Critical Analysis of the Conflict Theory

1633 Words Apr 29th, 2014 7 Pages
There are three major theories: Structural Functionalism, Symbolic Interaction, and Conflict. These theories relate to the main aspects of life in a society: organized group membership, interaction, and conflict. Out of all three of these, conflict seems to be the most straight-forward. Every person has experienced conflict in life. The main focus of this theory is how power structures and power disparities impact people’s lives (The Catholic University of America, 2008). Conflict theory according to Crossman (2013) emphasizes the role of coercion and power in producing social order. This is derived from the works of Karl Marx, who saw society as fragmented into groups that compete for social and economic resources. According to Walsh …show more content…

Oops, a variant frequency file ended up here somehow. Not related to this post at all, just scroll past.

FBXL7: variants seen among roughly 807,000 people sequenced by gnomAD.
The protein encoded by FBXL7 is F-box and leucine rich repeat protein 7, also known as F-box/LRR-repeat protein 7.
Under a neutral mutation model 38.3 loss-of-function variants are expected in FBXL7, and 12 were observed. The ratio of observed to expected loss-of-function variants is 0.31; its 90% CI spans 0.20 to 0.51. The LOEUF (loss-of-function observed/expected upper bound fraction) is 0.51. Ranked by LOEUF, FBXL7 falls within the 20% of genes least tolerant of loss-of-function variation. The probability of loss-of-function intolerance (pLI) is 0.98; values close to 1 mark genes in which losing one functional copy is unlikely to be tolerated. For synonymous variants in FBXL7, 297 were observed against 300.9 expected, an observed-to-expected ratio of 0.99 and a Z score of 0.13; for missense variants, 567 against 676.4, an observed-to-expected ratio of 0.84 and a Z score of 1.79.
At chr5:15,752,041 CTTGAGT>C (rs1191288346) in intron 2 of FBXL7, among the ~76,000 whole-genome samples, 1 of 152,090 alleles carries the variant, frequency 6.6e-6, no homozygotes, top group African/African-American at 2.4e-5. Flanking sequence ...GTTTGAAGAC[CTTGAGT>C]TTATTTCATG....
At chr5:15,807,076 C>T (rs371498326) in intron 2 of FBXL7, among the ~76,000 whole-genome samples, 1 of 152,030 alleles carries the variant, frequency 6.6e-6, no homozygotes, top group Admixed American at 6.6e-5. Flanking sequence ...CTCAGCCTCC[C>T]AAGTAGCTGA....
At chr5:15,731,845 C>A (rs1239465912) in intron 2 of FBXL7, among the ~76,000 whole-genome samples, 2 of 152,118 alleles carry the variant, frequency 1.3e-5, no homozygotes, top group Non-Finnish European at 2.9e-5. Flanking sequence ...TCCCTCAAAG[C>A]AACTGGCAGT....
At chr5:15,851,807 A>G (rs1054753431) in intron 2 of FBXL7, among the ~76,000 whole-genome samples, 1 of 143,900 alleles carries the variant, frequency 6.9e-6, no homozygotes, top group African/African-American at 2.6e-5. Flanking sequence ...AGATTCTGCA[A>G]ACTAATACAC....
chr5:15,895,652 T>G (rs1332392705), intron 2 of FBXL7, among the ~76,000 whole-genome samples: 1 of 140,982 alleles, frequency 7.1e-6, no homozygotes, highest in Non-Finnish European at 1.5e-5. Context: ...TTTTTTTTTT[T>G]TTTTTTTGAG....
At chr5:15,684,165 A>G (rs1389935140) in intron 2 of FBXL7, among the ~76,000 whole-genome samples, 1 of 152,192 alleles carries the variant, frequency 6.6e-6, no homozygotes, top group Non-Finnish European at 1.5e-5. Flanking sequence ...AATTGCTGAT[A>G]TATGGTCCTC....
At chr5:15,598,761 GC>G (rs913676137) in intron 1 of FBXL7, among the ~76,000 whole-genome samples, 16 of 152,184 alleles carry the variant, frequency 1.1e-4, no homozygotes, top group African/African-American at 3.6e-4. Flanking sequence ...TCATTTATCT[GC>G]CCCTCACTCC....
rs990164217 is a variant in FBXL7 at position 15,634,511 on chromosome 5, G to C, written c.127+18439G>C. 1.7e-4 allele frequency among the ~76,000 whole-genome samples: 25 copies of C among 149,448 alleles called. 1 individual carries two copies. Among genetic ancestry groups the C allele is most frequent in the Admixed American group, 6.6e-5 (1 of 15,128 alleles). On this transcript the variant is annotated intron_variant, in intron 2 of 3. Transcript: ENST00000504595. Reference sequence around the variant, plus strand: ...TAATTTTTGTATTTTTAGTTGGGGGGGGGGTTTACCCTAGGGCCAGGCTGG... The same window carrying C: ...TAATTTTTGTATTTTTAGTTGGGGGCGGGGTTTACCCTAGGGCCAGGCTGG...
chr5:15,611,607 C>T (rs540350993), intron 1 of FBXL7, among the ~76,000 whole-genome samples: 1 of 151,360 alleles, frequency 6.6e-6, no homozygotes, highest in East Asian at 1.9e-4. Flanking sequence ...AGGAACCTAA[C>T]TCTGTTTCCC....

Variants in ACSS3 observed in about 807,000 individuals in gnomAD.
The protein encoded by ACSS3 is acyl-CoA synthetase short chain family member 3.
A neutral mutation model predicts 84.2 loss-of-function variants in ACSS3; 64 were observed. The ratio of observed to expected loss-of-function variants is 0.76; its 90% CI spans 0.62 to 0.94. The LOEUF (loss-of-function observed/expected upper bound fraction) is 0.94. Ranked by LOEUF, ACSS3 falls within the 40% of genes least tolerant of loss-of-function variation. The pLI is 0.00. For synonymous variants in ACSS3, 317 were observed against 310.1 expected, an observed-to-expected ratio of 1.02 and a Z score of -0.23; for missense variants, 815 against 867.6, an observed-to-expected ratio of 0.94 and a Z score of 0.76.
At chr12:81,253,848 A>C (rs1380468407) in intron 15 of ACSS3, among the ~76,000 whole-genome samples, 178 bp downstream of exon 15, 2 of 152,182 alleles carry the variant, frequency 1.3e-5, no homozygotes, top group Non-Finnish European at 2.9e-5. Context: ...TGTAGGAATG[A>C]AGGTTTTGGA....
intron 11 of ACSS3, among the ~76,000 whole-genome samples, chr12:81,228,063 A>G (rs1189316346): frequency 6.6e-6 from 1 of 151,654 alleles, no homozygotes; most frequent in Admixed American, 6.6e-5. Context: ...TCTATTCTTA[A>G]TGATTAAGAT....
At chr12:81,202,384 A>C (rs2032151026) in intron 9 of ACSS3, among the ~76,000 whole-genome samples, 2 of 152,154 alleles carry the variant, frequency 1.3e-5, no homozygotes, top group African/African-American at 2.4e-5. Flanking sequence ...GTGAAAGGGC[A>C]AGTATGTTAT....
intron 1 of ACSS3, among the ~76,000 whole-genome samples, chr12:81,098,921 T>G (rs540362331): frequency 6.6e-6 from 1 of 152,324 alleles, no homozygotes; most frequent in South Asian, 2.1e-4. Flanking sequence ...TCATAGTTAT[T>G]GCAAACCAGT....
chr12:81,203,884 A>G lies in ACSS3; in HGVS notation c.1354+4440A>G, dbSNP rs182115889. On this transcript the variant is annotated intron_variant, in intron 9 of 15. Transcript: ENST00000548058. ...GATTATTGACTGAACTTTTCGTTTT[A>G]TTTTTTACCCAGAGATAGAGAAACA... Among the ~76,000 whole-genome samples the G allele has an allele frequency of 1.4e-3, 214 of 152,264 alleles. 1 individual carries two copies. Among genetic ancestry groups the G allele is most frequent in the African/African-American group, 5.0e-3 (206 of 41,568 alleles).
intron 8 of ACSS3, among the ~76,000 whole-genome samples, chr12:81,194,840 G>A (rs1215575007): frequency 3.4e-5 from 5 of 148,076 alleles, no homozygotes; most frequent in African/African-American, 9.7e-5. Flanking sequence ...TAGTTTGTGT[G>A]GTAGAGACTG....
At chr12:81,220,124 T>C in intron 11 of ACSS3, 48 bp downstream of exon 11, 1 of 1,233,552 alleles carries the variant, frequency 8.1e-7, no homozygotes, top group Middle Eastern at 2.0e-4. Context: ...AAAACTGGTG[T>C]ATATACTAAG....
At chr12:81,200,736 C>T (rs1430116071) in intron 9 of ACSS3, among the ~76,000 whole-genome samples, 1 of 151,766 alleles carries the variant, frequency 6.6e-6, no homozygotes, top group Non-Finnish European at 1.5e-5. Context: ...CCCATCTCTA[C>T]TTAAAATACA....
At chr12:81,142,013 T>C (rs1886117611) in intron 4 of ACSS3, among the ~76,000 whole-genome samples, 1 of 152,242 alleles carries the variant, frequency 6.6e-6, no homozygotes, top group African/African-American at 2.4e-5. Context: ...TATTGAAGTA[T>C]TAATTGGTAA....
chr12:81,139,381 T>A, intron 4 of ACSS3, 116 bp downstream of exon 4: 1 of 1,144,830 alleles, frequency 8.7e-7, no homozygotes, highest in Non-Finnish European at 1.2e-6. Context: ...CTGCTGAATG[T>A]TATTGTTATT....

The essence of conflict theory is best epitomized by the classic “pyramid structure” in which an elite dictates terms to the larger masses. All major social structures, laws, and traditions in the society are designed to support those who have traditionally been in power, or the groups that are perceived to be superior in the society according to this theory (New World Encyclopedia, 2013). Conflict theory presupposes the following according to Ritzer (2007): conflict or struggle between individuals and groups who have opposing interesting or who are competing for scarce resources is the essence of social life; competition and conflict occur over many types of resources in many settings, but power and economic resources are the principal sources of conflict and competition; conflict and struggle typically result in some individuals and groups dominating and controlling others, and patterns of domination and subordination tend to be self-perpetuating; dominate social groups have a disproportionate influence on the allocation of resources and on the structure of society. Ritzer (2007) mentions that in conflict; class struggle is the most fundamental and underlies all other forms. Political, ethnic, religious, and ideological conflicts not only manifest the predominant form of class conflict and the nature of the dominant class, but also in essence would not exist at all were class conflict to be
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